Municipal Legislation Protecting the Station House

Heritage Designation By-law (By-law 633) (June 24, 1982): the building known as the Hope Canadian National Railway Station is hereby designated and protected as a municipal heritage site under the Heritage Conservation Act.
Integrated Official Community Plan (Bylaw 1378) (2016): identifies in Policy 7.10.1 the District's goal to "encourage conservation and support the retention of significant heritage buildings and other historic resources under the British Columbia Heritage Conservation Act" and identifies the Station House as one of those significant buildings in Objective 7.  
**PROPOSED** Heritage Designation Repeal Bylaw (Bylaw 1502): this bylaw aims to repeal By-law 633.  

Station House Historical Events

In 1916 a year after the Canadian Northern Railway completed its transcontinental line from Vancouver to Montreal, the Hope Station House was built at the junction of Hudson's Bay Street and Fifth Avenue at a cost of $7,250.
In 1942 the Hope Station House was the first stop for many of the 22,000 Japanese Canadians who were unjustly and forcibly removed from the west coast of British Columbia. Nearly 8,000 of these citizens stepped foot on the platform as the Hope CNR Station as it was the connector to the rest of the province and internment sites (Source: Nikkei National Museum & Cultural Center)
In the 1950s the Station House was graced by royalty: during a royal tour across Canada by train, Queen Elizabeth stopped in Hope to greet residents. Photo Source: Walter Inouye.
In the 1980s CN Rail slated the Station House for demolition. The community rallied together in a Hurculean effort to raise funds to move it. They bought the Station House from CN Rail for $1 and moved the Station House to its current home. For the next decade, it served as an arts and cultural center to the community.
In the late 1990s and 2000s the Station House once again opened its doors to the community and became a hub for musicians. The Hope Station House Community Arts and Heritage Society hosted dinners with entertainment provided by local musicians.
In 2015 stewardship of the Station House was transferred from the Hope Station House Community Arts and Heritage Society to the District of Hope under a good faith agreement that the District would preserve the building and celebrate its legacy in all future decisions regarding its management and/or development.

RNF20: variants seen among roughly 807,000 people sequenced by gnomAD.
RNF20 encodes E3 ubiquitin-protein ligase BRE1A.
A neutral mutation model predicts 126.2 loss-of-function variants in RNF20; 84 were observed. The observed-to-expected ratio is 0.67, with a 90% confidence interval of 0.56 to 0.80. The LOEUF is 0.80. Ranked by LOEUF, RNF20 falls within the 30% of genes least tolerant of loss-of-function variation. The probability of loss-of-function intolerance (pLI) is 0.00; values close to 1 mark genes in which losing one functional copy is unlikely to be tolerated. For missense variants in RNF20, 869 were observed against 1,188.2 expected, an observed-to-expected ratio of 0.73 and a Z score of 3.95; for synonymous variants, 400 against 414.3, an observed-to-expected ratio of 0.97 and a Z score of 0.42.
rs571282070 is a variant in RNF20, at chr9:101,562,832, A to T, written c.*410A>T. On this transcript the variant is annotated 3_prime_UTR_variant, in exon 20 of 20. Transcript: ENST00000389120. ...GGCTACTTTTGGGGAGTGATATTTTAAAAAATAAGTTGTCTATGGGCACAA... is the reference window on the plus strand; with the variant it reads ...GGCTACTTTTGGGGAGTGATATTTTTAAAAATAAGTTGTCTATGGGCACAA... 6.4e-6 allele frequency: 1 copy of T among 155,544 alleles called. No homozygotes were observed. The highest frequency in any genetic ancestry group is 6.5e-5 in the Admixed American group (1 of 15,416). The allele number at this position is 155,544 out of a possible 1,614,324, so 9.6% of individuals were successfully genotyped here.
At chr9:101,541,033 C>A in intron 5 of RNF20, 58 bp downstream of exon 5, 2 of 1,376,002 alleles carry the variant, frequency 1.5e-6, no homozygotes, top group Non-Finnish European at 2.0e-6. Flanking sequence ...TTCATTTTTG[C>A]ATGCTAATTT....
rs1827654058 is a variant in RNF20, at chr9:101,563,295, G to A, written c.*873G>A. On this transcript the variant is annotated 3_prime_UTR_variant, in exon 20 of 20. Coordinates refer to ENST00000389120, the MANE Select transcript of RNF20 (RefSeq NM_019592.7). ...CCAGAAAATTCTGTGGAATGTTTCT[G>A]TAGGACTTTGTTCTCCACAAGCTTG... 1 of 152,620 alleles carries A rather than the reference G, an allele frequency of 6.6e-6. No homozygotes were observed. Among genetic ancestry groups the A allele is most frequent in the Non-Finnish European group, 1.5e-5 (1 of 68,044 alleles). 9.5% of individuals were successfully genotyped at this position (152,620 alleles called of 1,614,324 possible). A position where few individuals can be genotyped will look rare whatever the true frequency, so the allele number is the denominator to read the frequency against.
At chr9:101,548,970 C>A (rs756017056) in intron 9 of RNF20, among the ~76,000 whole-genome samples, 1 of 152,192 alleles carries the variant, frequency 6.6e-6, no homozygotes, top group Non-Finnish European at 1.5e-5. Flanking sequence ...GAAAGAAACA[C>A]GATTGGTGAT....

Source: Walter Inouye

Investing in our Future

Investing in the preservation, rehabilitation and ongoing use of heritage buildings, such as the Station House, has a proven track record of creating economic benefits for BC communities.
Towns such as Nelson, Fort Langley, and Agassiz, each boasting historic train stations as a central feature of their downtown core, have a thriving tourism industry based on their preserved history. Heritage conservation enriches the urban fabric of a town and attracts tourists and locals alike, generating jobs and leading to economic growth.
There is federal and provincial grant money available that could be used to restore the Station House. It need not be a burden borne by taxpayers. In fact, Boston Bar was awarded $1.9 million in combined federal and provincial grant money this past summer through Infrastructure Canada's Rural and Northern Communities Infrastructure Stream (RNIS) to completely restore their Station House. Originally built in 1914, once renovated it will “showcase the unique railway and cultural heritage."


What Can You Do RIGHT NOW?

Donate to our Campaign

We have started a Gofundme campaign to raise money to move the Station House to a suitable location, restore it to its former glory, and preserve this historical treasure for generations to come!!

Join our Honk-a-thons (Every Wednesday at 1pm at District Hall)

Join the Coalition for a publicly distanced protest BY CAR. Meet at the bus parking area by Memorial Park on 3rd Ave. Look for the lead car, a grey van, with signs. We will start by circling the block around District Hall and move out into the community. Honk your horns to protest the proposed demolition of the Hope Station House!! Sign up for the event on Facebook!

Write a Letter/Email

Writing a letter is an even more effective tool, particularly when it's personalised. Make sure your letter includes (1) the "ask" (a stay of demolition of the Station House) AND (2) the reason why it's important to you and you think it should be saved!

CLICK HERE to be redirected to our Letter Campaign to ask Council to VOTE "NO" on BYLAW 1502.

Questions can be sent to

Who should you contact?

District of Hope Council Members

The members of the District of Hope Council can be contacted by e-mail, as listed below, by phone at 604-869-5671, or by mail at PO Box 609 Hope, B.C. V0X 1L0. Please note that the email addresses are clickable: when you click on one, it will open your email client (e.g., gmail or outlook) with the email address in the "to" field all ready-to-go.

Provincial and Federal Government Representatives